border.
The Texas Education Agency did not immediately
respond to Education Week's interview request.

What role, if any, does the U.S. Department
of Education play in the education of these
children?
Elizabeth Hill, a department spokeswoman, did not
respond to requests for comment about any support
or other help the Education Department might be
providing. U.S. Secretary of Education Betsy DeVos has
made no public statements about the situation. DeVos
did make waves recently when she told the House
education committee that local schools could choose
to report undocumented students to Immigration
and Customs Enforcement. In subsequent Senate
testimony, she backed off that stance.

Will the immigrant children have access to
bilingual or Spanish-speaking instructors?
Federal law requires that these children receive
an education that is appropriate for their needs,
including English-as-a-second-language services.
Southwest Key, the private company which operates
17 immigrant children's centers in Texas, and
similar facilities in Arizona and California, is actively
seeking bilingual candidates with experience for
teaching jobs.


http://www.edweek.org

Table of Contents for the Digital Edition of Education Week - July 18, 2018

Conservative Groups Push Teachers To Drop Their Unions
Our Students Don’t Get Enough Civics, Principals Say
Next Up in Teacher Activism: Run for State Office
DIGITAL DIRECTIONS: Alexa Moves Into Class, Raising Alarm Bells
In K-12, 20 Percent of Staff Say #MeToo
Report Roundup
News in Brief
Right-to-Read Lawsuits Press On, Despite Court Setback
Educating Migrant Students in Shelters
Gates Teacher-Effectiveness Program Shows No Payoff
After Janus, Defiant Union Looks Ahead
Shock Waves for Unions After Stinging Defeat In Janus Case
Volunteering Rates Dropped Among Young Americans
Trump Rescinds Obama-Era Guidance On Diversity at Schools
Trump Team Set to Revisit ‘Voc Rehab’ Regulations
U.S. Supreme Court and Schools: 2017-18
Kennedy’s K-12 Legacy a Deep One
Pick for U.S. Supreme Court Has Light Record Of Education Rulings
Inside a Merger Plan for Ed., Labor Depts.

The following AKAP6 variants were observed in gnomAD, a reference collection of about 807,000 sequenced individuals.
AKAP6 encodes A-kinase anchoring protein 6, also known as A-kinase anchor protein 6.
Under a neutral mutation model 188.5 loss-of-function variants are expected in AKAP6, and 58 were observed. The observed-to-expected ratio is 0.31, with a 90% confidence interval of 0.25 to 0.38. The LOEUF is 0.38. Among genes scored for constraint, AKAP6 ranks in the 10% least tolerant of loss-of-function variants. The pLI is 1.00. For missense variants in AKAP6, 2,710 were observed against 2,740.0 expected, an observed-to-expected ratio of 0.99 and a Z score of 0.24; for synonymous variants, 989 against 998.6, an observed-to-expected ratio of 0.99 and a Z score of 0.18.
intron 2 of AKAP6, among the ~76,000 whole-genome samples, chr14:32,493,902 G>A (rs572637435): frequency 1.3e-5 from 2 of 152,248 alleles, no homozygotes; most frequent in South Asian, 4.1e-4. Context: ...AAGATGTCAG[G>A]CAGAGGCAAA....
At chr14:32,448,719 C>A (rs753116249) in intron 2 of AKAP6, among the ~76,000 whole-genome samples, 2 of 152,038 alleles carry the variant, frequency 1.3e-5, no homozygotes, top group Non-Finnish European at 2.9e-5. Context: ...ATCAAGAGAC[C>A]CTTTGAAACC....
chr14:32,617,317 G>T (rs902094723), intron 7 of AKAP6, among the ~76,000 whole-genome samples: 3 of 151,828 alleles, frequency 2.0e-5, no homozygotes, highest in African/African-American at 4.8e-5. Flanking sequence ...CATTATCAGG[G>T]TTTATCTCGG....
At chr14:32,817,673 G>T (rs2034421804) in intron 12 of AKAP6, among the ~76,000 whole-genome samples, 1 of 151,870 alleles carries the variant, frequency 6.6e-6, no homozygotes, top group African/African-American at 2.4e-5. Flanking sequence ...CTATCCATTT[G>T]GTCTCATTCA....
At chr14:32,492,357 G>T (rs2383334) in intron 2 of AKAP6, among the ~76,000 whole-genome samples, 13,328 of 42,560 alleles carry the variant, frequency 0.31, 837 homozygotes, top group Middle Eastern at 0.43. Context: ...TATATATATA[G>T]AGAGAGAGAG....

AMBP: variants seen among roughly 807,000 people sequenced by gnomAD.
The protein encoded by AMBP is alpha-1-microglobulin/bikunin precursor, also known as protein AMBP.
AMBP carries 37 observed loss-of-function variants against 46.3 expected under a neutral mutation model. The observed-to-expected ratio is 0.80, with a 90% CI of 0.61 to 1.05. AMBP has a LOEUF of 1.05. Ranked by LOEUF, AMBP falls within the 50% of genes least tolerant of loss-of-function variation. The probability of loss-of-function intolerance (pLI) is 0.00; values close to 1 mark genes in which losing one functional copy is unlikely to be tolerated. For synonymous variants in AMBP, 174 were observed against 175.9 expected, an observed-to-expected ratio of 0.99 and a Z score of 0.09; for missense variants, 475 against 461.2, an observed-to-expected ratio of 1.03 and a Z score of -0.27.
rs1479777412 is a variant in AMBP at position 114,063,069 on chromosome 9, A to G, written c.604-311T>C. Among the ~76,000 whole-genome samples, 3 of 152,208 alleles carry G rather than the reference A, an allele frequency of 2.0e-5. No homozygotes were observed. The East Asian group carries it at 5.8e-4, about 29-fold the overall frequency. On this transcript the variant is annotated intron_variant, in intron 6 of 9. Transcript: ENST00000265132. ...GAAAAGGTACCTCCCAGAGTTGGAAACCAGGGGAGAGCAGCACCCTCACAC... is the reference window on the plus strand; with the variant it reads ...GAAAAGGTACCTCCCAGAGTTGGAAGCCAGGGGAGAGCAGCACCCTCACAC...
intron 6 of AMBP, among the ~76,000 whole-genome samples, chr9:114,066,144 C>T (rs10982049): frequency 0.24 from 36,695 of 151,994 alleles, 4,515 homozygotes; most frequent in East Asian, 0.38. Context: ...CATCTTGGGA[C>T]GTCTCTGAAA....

Education Action in Congress: A Midsummer Roundup
Betsy DeVos: What We Can Learn About Education From Europe
Randi Weingarten: ‘We Are in a Race for The Soul of Our Country’
Lily Eskelsen García: We Aren’t Going Anywhere
Letters
TopSchoolJobs Recruitment Marketplace
Mark A. Elgart & Belle S. Wheelan: How to Prepare for the Future of School Choice
Education Week - July 18, 2018 - In K-12, 20 Percent of Staff Say #MeToo
Education Week - July 18, 2018 - 2
Education Week - July 18, 2018 - 3
Education Week - July 18, 2018 - News in Brief
Education Week - July 18, 2018 - 5
Education Week - July 18, 2018 - Right-to-Read Lawsuits Press On, Despite Court Setback
Education Week - July 18, 2018 - 7
Education Week - July 18, 2018 - Educating Migrant Students in Shelters
Education Week - July 18, 2018 - Gates Teacher-Effectiveness Program Shows No Payoff
Education Week - July 18, 2018 - Shock Waves for Unions After Stinging Defeat In Janus Case
Education Week - July 18, 2018 - 11
Education Week - July 18, 2018 - Volunteering Rates Dropped Among Young Americans
Education Week - July 18, 2018 - 13
Education Week - July 18, 2018 - 14
Education Week - July 18, 2018 - 15
Education Week - July 18, 2018 - 16
Education Week - July 18, 2018 - 17
Education Week - July 18, 2018 - 18
Education Week - July 18, 2018 - Trump Team Set to Revisit ‘Voc Rehab’ Regulations
Education Week - July 18, 2018 - Kennedy’s K-12 Legacy a Deep One
Education Week - July 18, 2018 - Pick for U.S. Supreme Court Has Light Record Of Education Rulings
Education Week - July 18, 2018 - Inside a Merger Plan for Ed., Labor Depts.
Education Week - July 18, 2018 - Education Action in Congress: A Midsummer Roundup
Education Week - July 18, 2018 - 24
Education Week - July 18, 2018 - 25
Education Week - July 18, 2018 - Betsy DeVos: What We Can Learn About Education From Europe
Education Week - July 18, 2018 - Lily Eskelsen García: We Aren’t Going Anywhere
Education Week - July 18, 2018 - Letters
Education Week - July 18, 2018 - 29
Education Week - July 18, 2018 - TopSchoolJobs Recruitment Marketplace
Education Week - July 18, 2018 - 31
Education Week - July 18, 2018 - Mark A. Elgart & Belle S. Wheelan: How to Prepare for the Future of School Choice
Education Week - July 18, 2018 - CW1
Education Week - July 18, 2018 - CW2
Education Week - July 18, 2018 - CW3
Education Week - July 18, 2018 - CW4